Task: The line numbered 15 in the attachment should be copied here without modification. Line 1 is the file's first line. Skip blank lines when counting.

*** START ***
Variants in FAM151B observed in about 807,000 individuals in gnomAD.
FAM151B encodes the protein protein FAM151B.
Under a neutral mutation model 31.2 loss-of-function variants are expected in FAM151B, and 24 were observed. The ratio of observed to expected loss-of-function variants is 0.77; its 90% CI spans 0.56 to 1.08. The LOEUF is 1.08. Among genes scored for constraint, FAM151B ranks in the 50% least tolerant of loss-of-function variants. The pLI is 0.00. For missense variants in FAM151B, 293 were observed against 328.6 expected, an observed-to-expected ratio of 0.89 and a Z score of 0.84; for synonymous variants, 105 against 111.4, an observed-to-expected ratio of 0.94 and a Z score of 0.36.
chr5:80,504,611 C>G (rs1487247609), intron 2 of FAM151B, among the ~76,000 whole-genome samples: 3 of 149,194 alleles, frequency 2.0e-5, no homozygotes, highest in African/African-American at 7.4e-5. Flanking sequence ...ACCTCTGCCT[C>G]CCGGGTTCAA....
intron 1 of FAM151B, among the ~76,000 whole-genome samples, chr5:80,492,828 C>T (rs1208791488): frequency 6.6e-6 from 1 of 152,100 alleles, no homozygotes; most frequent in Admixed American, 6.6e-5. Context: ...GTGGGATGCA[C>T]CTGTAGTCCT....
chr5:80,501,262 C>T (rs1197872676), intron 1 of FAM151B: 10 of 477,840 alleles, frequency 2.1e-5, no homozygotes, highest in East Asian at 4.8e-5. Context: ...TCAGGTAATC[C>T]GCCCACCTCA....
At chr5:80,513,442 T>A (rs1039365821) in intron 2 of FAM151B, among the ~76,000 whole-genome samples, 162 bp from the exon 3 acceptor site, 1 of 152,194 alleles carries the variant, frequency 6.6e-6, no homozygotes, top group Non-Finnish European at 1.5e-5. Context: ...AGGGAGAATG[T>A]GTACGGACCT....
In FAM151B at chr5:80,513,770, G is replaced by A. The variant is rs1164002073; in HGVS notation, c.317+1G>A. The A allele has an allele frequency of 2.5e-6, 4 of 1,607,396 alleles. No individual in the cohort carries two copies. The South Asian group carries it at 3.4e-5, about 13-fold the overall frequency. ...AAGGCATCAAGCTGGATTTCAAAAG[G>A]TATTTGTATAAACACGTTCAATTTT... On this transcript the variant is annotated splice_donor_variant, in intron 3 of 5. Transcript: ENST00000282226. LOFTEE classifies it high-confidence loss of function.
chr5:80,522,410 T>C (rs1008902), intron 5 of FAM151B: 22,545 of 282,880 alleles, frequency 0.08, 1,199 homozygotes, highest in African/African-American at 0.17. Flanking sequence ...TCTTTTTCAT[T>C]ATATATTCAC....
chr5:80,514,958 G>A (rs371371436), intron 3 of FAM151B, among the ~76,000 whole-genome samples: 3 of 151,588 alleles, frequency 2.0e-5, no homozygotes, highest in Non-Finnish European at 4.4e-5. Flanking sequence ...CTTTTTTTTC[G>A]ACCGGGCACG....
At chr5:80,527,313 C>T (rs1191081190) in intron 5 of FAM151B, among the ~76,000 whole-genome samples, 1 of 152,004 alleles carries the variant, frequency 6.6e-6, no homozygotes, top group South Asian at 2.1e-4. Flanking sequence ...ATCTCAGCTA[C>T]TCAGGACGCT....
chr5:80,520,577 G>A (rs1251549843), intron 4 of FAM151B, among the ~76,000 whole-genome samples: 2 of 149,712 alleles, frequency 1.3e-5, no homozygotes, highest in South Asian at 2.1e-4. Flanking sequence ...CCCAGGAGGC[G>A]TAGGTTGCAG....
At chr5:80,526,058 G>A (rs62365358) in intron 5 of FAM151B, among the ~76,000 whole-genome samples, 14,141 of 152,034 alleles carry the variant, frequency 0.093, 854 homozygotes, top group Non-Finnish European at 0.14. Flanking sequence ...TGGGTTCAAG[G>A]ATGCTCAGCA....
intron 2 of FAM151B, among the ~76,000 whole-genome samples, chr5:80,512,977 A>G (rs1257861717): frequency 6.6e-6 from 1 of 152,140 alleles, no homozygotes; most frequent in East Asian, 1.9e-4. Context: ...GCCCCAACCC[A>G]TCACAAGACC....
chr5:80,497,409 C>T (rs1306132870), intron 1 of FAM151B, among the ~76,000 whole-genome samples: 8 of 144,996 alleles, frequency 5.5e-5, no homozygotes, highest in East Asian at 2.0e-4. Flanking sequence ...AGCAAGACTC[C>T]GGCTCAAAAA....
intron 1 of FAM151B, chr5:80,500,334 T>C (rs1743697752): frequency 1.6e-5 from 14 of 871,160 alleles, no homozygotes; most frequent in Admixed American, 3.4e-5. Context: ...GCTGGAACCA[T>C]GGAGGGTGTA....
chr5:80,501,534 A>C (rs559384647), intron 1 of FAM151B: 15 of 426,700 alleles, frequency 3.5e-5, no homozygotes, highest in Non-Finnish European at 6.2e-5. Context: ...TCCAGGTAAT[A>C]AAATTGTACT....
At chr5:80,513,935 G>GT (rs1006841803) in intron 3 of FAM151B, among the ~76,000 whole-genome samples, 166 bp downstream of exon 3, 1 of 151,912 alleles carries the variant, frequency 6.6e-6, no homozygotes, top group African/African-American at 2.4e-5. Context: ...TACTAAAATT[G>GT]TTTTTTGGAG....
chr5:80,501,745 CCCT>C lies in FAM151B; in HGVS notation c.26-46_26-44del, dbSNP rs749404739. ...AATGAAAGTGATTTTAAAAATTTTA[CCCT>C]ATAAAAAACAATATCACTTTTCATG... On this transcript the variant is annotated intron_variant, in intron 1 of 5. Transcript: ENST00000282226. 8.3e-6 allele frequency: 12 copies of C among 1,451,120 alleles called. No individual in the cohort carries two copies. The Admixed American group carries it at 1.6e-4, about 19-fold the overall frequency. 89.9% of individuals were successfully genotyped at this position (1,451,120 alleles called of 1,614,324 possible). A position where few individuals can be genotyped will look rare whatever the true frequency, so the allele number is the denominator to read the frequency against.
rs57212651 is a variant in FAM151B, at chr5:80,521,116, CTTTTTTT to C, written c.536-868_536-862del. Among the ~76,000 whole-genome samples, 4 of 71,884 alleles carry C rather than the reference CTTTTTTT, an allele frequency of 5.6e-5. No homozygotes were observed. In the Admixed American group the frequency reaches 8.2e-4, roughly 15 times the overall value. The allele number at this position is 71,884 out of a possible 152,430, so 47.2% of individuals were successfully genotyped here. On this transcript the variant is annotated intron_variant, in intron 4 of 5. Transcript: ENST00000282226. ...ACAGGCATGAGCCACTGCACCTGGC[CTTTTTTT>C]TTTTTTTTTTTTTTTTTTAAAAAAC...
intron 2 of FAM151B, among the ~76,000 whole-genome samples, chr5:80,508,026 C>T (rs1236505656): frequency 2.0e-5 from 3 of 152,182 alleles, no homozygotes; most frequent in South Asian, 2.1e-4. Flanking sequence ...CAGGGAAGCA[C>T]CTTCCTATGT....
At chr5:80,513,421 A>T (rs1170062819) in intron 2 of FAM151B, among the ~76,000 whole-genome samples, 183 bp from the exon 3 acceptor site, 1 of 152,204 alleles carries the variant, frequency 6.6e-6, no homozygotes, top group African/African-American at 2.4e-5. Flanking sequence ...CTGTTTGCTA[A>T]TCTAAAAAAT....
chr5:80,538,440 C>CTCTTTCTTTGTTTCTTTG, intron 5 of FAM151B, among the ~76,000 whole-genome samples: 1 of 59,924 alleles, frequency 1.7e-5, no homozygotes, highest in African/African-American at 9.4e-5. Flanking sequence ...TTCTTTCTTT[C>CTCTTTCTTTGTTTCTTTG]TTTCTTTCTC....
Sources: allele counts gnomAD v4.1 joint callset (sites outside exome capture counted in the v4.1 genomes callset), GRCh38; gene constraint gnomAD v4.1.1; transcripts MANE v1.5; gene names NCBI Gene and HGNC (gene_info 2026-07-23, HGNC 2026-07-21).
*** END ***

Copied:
chr5:80,497,409 C>T (rs1306132870), intron 1 of FAM151B, among the ~76,000 whole-genome samples: 8 of 144,996 alleles, frequency 5.5e-5, no homozygotes, highest in East Asian at 2.0e-4. Flanking sequence ...AGCAAGACTC[C>T]GGCTCAAAAA....